2. Data entry - After the Asset Transfer Checklist has been completed, it will be submitted to the asset tracking database manager. The asset tracking database manager will ensure that the information on the form is entered into the asset tracking database within one week.
3. Checking the database - Managers who oversee projects that result in a change to equipment location should check periodically to see if the assets that were moved have been updated in the asset tracking database. The database should include a recent move list that can be easily checked.
This policy applies to any asset transfers, including the following:
In all cases the asset transfer checklist must be completed.
When transferring assets to another trustee, any confidential information on the device must be protected and/or destroyed. The method of data destruction is dependent upon the sensitivity of the data on the device and the next user of the device (i.e. within the organization and its control or outside the organization).
Please refer to NIST Special Publication 800-88 Revision 1 “Guidelines for Media Sanitization” in order to select which methods are appropriate to your organization’s level of risk tolerance.
Asset disposal is a special case since all sensitive data must be removed during or prior to disposal. The manager of the user of the asset should determine the level of sensitivity of the data stored on the device. The data erasure requirements for the device are based upon the sensitivity of the data as determined during the data assessment process:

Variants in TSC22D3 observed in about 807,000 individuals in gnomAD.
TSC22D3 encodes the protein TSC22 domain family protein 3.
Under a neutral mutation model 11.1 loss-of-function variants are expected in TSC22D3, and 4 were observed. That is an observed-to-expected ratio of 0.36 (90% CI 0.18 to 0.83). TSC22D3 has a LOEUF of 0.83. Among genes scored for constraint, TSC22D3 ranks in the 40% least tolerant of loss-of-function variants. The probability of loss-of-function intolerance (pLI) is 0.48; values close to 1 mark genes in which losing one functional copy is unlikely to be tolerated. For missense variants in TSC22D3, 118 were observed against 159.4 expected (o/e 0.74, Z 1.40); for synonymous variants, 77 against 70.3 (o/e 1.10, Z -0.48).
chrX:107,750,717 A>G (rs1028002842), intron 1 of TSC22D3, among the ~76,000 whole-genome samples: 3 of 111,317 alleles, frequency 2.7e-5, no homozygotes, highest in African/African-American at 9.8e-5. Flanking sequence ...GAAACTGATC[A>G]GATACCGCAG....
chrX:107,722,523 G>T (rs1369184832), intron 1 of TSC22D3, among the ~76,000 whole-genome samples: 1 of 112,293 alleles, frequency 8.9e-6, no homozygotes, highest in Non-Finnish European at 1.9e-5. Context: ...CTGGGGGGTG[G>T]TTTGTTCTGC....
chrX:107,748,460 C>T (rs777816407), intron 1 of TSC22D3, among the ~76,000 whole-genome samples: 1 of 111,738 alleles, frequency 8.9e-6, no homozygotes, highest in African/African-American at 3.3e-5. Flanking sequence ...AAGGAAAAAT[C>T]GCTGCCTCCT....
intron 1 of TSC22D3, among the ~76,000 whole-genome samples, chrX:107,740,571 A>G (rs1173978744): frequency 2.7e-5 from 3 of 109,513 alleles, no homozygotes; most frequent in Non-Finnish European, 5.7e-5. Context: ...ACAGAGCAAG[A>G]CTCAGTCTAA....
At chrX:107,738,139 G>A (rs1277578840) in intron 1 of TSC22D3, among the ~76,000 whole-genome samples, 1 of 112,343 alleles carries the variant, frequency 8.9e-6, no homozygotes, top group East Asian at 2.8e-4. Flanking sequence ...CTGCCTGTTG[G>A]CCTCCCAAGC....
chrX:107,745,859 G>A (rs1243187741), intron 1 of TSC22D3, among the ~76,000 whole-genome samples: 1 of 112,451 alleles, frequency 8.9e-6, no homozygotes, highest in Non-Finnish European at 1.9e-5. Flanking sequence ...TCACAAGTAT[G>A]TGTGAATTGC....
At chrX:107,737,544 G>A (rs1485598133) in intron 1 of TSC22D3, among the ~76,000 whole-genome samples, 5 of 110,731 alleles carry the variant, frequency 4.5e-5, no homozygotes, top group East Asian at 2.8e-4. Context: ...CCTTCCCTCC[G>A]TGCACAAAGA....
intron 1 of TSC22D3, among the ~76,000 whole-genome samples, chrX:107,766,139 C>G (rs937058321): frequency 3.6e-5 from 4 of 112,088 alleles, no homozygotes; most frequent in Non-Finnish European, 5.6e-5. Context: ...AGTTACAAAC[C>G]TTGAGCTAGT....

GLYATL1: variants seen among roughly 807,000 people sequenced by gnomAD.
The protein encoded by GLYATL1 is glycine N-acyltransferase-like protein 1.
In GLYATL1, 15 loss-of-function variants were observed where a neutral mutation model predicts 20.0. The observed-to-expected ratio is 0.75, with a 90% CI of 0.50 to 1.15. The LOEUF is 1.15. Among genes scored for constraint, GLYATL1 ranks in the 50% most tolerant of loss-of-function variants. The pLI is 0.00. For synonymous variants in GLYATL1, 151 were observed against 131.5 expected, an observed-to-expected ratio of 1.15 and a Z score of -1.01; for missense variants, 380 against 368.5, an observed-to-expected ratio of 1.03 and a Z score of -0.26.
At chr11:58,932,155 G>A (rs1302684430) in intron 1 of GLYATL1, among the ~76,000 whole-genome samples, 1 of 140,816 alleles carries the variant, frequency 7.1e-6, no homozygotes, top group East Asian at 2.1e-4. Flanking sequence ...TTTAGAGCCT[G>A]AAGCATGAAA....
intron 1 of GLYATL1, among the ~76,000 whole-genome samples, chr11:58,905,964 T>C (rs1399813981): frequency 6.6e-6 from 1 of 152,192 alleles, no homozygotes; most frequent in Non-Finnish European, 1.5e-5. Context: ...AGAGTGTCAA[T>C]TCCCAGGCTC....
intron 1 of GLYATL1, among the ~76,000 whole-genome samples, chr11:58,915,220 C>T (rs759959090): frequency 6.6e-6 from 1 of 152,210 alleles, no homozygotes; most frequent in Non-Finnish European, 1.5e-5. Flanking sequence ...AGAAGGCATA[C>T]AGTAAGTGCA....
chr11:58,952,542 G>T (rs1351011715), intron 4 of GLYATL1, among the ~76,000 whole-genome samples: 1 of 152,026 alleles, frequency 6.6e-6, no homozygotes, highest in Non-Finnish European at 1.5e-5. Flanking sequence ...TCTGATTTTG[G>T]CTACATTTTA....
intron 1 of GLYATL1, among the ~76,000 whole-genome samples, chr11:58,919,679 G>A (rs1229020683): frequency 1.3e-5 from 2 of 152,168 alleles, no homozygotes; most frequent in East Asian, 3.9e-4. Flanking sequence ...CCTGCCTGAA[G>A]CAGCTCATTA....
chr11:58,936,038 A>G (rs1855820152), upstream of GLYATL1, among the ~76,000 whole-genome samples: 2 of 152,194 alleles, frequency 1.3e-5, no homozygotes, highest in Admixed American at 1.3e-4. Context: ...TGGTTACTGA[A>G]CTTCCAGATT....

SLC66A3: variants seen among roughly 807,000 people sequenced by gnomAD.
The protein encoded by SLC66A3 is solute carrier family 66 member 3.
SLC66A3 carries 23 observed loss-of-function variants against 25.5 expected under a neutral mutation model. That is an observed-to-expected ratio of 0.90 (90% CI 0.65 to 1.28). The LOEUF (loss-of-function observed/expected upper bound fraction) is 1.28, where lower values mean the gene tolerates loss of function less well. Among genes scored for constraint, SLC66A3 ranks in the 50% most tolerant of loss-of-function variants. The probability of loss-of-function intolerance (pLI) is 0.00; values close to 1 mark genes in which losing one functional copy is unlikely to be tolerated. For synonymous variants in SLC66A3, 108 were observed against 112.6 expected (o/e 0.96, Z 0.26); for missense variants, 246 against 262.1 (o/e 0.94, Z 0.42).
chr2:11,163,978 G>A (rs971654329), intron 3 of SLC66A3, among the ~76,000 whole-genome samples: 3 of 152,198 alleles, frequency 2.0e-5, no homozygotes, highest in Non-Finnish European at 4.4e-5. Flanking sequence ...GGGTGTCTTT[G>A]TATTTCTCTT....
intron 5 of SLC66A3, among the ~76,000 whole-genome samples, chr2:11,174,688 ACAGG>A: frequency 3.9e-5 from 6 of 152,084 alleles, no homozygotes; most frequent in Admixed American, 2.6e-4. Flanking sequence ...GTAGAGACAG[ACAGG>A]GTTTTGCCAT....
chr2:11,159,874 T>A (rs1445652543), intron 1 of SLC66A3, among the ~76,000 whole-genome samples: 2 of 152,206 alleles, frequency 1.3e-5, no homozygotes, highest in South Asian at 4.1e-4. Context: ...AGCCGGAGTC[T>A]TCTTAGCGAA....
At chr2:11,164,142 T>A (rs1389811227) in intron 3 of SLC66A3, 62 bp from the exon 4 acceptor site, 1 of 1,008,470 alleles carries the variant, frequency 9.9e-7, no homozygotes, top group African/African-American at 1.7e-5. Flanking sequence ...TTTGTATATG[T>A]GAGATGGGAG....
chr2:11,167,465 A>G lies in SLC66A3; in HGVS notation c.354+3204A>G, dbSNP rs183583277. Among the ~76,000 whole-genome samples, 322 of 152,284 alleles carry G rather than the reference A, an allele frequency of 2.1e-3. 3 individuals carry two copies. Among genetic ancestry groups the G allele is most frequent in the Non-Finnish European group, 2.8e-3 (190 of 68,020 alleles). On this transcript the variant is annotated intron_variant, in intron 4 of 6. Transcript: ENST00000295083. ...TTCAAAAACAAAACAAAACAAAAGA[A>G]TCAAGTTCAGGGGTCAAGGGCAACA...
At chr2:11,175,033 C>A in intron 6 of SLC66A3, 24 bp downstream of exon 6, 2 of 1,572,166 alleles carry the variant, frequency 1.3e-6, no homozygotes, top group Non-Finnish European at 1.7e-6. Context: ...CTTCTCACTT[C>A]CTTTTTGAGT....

1. None (Unclassified) - No requirement to erase data. However, in the interest of prudence normally erase the data using any available means such as software-based sanitization, physical destruction, or degaussing. Page 7 of 8
2. Low (Sensitive) - Erase the data using any available means such as sanitization, physical destruction, or degaussing.
3. Medium (Confidential) - The data must be erased using an approved technology in order to ensure that data is not recoverable using advanced forensic techniques.
4. High (Secret) - The data must be erased using an approved technology to ensure that the data is not recoverable using advanced forensic. Approved technologies are to be specified in a Media Data Removal Procedure document. Asset types include: